Kdiff3 is an open-source script that can be used in conjunction with the Kdiff4 suite of tools for the Linux kernel. In addition to its primary use being in the Linux kernel, it has also been incorporated into Windows as "ki_diff.c" (the file is actually in Linux). It is meant to be used as an easy way to compare two different files on Linux by allowing the user to select two different lines in a file and then comparing the differences between the two. The major difference is that the file to be compared must already exist as a file in the Linux kernel and the user must provide a script that will execute the necessary command line switches to create the new file.
Kdiff3 is a script designed to merge multiple files or directory structures into a single file. Not only does this make it useful for developers and system administrators, it also gives an extra feel of usability when comparing files in a directory when comparing with other systems. One thing to note when using kdiff3, is that there is an optional parameter called -depth which when specified will cause kdiff3 to show the differences line by line and character by character. While the purpose of this is to allow people to more easily compare input files when developing, it can also be useful when trying to merge files from different platforms.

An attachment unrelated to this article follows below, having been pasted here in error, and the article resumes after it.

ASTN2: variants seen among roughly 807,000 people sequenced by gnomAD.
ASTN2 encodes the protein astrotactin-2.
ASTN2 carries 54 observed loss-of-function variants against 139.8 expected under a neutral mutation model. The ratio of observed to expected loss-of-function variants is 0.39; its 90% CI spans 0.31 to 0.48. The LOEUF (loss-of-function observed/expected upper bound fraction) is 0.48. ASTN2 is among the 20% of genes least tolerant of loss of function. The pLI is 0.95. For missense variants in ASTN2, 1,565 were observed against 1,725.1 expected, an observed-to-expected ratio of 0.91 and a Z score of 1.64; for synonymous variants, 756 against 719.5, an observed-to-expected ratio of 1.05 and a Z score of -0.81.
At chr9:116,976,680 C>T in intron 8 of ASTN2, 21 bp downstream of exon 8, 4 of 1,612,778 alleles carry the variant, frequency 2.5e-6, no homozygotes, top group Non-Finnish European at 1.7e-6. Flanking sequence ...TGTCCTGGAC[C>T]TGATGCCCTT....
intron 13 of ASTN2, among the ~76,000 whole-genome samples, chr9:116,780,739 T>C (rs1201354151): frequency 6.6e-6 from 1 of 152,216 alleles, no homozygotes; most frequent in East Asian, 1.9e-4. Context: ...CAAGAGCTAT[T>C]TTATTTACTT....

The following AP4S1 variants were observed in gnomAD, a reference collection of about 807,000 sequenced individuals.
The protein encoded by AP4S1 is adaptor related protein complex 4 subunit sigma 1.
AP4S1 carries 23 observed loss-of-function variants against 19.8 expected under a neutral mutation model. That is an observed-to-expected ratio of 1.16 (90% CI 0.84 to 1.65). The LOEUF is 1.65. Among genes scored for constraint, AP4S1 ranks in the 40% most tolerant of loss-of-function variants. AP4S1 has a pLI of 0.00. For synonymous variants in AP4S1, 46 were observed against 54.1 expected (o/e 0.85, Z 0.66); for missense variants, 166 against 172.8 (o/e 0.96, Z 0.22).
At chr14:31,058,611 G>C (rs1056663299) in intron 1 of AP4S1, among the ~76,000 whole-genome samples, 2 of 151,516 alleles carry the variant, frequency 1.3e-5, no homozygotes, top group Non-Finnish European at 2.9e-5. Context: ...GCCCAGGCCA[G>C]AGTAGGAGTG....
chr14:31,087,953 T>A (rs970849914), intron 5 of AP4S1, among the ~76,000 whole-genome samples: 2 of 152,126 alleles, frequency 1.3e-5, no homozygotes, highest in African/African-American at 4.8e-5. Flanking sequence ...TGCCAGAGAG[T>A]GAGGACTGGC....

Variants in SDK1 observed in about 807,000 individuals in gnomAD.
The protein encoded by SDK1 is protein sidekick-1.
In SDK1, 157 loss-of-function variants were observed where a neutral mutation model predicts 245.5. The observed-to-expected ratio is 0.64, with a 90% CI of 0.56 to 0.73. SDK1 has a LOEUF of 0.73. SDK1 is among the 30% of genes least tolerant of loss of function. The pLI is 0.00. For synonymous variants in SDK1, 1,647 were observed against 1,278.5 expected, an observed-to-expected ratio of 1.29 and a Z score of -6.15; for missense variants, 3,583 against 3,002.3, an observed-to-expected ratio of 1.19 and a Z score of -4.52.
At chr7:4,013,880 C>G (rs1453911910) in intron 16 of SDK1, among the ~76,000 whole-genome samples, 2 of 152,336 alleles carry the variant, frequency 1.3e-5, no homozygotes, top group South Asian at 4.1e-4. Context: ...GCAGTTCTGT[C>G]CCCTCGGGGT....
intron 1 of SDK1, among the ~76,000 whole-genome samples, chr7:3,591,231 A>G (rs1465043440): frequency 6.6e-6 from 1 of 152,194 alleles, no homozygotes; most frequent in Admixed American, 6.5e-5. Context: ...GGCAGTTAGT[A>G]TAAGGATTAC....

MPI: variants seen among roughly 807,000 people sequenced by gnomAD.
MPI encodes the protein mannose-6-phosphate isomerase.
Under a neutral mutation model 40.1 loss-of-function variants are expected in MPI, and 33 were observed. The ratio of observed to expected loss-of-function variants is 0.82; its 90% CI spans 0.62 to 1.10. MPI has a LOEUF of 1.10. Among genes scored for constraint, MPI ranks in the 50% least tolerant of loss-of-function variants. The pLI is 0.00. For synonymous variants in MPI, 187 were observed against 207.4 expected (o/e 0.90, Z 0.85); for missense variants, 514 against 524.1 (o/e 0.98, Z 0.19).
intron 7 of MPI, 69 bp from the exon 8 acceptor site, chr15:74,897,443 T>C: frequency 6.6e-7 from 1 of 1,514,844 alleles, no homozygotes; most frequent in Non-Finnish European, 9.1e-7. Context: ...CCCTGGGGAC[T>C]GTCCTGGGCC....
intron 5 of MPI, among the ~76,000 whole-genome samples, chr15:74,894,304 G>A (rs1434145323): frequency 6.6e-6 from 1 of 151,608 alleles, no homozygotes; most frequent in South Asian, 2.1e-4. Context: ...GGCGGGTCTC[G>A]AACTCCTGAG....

A simple way to try out kdiff3 on your Linux system is to simply cd into the kdiff3 directory where you would like to run kdiff3, then execute the file. You may want to first download utf-8 and verify if your keyboard layout will properly display the characters displayed by kdiff3. Once you have this check, you should be good to go. To reiterate, if you have any problems or difficulties running kdiff3 simply cd into the kdiff3 directory, then execute the file. If the file ends up having problems, simply re-run the command and it should work just fine. This is the easiest and most straight forward way to use a Linux merge tool to re-merge your files between different platforms.